Five weeks after a national scandal involving broken Detroit voting machines and ineffective poll workers, state Elections Director Chris Thomas said Wednesday evening that the city will get all new voting machines in time for the 2017 mayoral and City Council elections. But broken machines were not the biggest problem Detroit endured election night. Citing a memo he just received, Thomas said there were dozens of other problems that occurred Nov. 8. “I got an e-mail yesterday from Wayne County showing me what the issues were on (Detroit) polling places and precincts, and quite frankly, it was somewhat shocking,” he said. Thomas said his staff soon will head to Detroit to get a better understanding of why the city has such problems running elections and to find ways to help. Among the problems cited in the memo, he said: Ninety-one precinct reports were not delivered on time. County officials had to re-create missing poll books. Five precincts had no poll books, so Detroit election officials had to find voter applications and re-create the books — and hundreds of poll worksheets had either too few or too many ballots.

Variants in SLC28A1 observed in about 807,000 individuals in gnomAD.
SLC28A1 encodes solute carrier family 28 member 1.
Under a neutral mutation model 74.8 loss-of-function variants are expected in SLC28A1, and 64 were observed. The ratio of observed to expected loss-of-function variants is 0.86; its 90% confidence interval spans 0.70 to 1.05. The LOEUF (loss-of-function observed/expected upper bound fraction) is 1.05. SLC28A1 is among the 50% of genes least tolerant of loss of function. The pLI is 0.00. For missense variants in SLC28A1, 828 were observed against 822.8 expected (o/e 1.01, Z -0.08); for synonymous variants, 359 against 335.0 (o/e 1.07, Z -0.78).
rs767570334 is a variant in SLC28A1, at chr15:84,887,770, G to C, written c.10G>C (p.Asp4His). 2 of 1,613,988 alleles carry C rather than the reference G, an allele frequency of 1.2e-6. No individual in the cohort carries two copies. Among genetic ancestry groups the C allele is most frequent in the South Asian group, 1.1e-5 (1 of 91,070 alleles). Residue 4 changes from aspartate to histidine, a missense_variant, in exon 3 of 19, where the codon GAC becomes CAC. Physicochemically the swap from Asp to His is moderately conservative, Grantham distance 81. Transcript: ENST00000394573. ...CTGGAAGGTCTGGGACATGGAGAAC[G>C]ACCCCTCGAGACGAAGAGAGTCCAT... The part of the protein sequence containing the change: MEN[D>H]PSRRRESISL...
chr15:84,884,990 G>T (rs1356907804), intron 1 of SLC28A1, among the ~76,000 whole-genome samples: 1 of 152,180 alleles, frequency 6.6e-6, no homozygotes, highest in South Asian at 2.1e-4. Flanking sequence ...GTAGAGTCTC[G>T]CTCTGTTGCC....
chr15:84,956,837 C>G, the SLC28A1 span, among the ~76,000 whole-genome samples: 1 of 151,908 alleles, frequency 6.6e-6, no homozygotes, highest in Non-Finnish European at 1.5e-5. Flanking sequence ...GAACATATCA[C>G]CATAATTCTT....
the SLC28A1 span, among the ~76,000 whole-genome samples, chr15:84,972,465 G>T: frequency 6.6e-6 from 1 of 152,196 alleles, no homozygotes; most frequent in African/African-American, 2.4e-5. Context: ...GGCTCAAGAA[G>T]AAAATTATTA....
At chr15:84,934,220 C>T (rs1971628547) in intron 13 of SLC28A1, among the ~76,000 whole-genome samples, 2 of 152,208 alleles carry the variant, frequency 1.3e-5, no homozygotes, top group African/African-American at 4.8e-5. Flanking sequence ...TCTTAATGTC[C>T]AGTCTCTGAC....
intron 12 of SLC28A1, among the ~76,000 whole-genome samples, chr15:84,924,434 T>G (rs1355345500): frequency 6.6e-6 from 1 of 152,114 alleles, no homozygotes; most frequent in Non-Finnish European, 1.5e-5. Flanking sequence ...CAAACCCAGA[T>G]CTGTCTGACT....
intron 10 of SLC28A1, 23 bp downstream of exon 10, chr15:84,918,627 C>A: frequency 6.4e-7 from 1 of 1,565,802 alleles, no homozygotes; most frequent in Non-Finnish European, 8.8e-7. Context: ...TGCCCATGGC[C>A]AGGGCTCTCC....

Detroit City Clerk Janice Winfrey, in an earlier exclusive interview, said Wednesday that the city should have already had new machines to replace the 10-year-old models, but that only the state can purchase them. She said that if Thomas didn’t authorize them, she would find a way to purchase them herself.
“We had the rollout (of new machines) in our budget,” Winfrey said. “No money was appropriated by the state. We are hopeful that we will have machines in 2017, and I suggest to you that tomorrow there will be a plan rolled out for those machines. If not, we’re going to do like we always do in this raggedy city. We’re going to make it work.”